Rail travel in Greater Paris area capped at €5 per ticket

Some 2 million people a year will be able to enjoy cheaper travel in the Greater Paris area from today, after public transport ticket prices were capped at €5 - except for the airport.

Rail travel in Greater Paris area capped at €5 per ticket
Photo: Christophe Archambault / AFP)

The so-called ‘tariff shield’, promised by presidential candidate and president of the Île-de-France region Valérie Pécresse, means that occasional travellers without a Navigo pass will be able to travel on trains and RER lines managed by Ile-de-France Mobilités (IDF Mobilités) for a maximum of €5.

Books of 10 tickets are available for €40, meaning those who plan to travel more often can make greater savings still.

However there is one exception – tickets departing from or arriving at Roissy-Charles de Gaulle airport are not subject to these rates. The current rate is €10.30. 

“About 21 million journeys per year were made by buying tickets at more than €5 per trip by around 2 million people,” IDF Mobilités said in a statement.

Until this measure was brought in, the cost of a ticket varied markedly depending on which zones travellers were in.

“Our objective is to encourage occasional travelers from the outer suburbs to use public transport more, and not to create territorial inequality or fare injustices,” vice-president of IDF Mobilités Grégoire de Lasteyrie said.

In 2022, many changes will take place in Ile-de-France transport.

Metro line 4, for example, has been extended and now goes to Bagneux. And line 12 should also be extended in spring 2022.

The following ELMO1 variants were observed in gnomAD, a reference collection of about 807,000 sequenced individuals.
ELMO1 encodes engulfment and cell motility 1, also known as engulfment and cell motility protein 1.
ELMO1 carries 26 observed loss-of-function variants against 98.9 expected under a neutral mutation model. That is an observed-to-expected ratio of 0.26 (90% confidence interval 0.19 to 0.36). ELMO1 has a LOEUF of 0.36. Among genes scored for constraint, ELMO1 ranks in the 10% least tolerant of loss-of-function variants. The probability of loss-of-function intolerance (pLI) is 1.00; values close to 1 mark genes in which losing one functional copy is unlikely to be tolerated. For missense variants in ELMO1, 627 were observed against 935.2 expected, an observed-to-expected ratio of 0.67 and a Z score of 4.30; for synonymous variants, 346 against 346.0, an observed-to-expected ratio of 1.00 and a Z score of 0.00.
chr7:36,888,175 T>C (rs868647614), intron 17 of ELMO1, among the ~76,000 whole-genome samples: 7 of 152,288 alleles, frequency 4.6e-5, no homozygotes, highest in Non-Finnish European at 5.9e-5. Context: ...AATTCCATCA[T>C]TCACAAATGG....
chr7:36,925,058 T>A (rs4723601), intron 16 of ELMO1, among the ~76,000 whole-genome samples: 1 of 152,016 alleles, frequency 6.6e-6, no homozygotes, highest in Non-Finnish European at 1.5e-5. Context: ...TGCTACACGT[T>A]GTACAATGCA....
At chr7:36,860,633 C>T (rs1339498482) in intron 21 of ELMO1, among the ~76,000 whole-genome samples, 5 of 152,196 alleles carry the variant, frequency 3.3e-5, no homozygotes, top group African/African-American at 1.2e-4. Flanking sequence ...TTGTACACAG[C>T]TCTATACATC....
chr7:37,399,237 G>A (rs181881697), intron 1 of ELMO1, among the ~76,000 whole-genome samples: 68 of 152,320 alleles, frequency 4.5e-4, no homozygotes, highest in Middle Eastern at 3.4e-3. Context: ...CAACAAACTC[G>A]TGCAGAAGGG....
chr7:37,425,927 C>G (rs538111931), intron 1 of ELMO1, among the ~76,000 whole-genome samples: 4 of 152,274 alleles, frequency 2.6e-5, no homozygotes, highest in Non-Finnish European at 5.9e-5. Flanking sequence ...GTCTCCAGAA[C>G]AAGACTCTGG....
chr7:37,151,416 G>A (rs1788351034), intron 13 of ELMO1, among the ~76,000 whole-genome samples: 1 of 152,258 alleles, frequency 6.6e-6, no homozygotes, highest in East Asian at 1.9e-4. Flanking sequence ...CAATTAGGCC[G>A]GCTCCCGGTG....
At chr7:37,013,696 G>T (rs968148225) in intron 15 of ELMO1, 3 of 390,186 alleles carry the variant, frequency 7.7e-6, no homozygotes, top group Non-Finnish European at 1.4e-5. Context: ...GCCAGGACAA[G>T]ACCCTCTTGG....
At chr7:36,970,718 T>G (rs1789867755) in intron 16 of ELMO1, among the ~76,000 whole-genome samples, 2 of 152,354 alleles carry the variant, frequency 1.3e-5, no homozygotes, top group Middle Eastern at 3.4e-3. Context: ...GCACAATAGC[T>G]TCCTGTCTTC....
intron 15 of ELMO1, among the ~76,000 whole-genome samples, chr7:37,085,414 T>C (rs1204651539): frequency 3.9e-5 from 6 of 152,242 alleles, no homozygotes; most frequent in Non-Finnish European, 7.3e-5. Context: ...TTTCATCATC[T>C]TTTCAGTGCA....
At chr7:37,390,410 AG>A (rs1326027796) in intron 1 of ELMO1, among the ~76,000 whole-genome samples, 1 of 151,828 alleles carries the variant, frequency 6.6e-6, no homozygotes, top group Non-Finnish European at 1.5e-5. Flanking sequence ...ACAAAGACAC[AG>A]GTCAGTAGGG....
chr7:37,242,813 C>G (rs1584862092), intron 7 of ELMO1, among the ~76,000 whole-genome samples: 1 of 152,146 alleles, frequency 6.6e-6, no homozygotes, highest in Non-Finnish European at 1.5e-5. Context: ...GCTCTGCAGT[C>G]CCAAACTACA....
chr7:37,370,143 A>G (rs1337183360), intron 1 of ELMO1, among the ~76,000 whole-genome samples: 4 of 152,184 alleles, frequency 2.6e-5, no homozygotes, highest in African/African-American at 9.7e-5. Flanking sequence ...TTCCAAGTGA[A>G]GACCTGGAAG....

Member comments

Log in here to leave a comment.
Become a Member to leave a comment.


Property bargains, energy prices, and myth-busting: 6 essential articles for life in France

Where you could bag a property bargain in France, how energy prices aren’t soaring in France, and why the leaves are falling earlier than usual - plus a couple of myths well and truly busted - here are six essential articles for life in France.

Property bargains, energy prices, and myth-busting: 6 essential articles for life in France

While French cities such as Paris are notoriously expensive, there are many areas outside the cities where it is still possible to buy spacious homes for less than €100,000 – particularly if you don’t mind a bit of renovation.

MAP: Where in France can you buy property for less than €100k?

Speaking of property – here’s some potential good news for some second-home owners; the French government has put in place a new online process for regular visitors in France to get a carte de séjour – here’s who is eligible for this and how to apply.

Can second-home owners in France get a carte de séjour?

Reasons to be cheerful about living in France: as energy prices soar around Europe, France is the notable exception where most people have seen no significant rise in their gas or electricity bills – so what lies behind this policy?

And no, it’s not because the French would riot if their bills exploded, or not entirely, anyway.

EXPLAINED: Why are French energy prices capped?

It might look like autumn outside in certain parts of France, but it certainly feels like summer.

So, why are the leaves falling from the trees? And what does that mean for your garden?

Reader question: Why are the leaves falling in summer and does that mean my garden is dead?

The Da Vinci Code starts here – with the legend of a penniless priest who once stumbled upon gold hidden in the French countryside. It’s a story that still inspires treasure-hunters.

We look deeper into the myth – and help you decide if you should stock up on a shovel and a metal detector.

French history myths: There is buried treasure in Rennes-le-Château

Speaking of myths, apparently, kids and long train journeys do mix…

Hoping to do his bit for the planet, perhaps save some money and avoid spending any time at Charles de Gaulle airport, The Local’s Europe editor Ben McPartland decided to travel 2,000km with his family from Paris to southern Portugal by train rather than plane.

Here’s what he had to say about the experience.

Yes, train travel from France across Europe is far better than flying – even with kids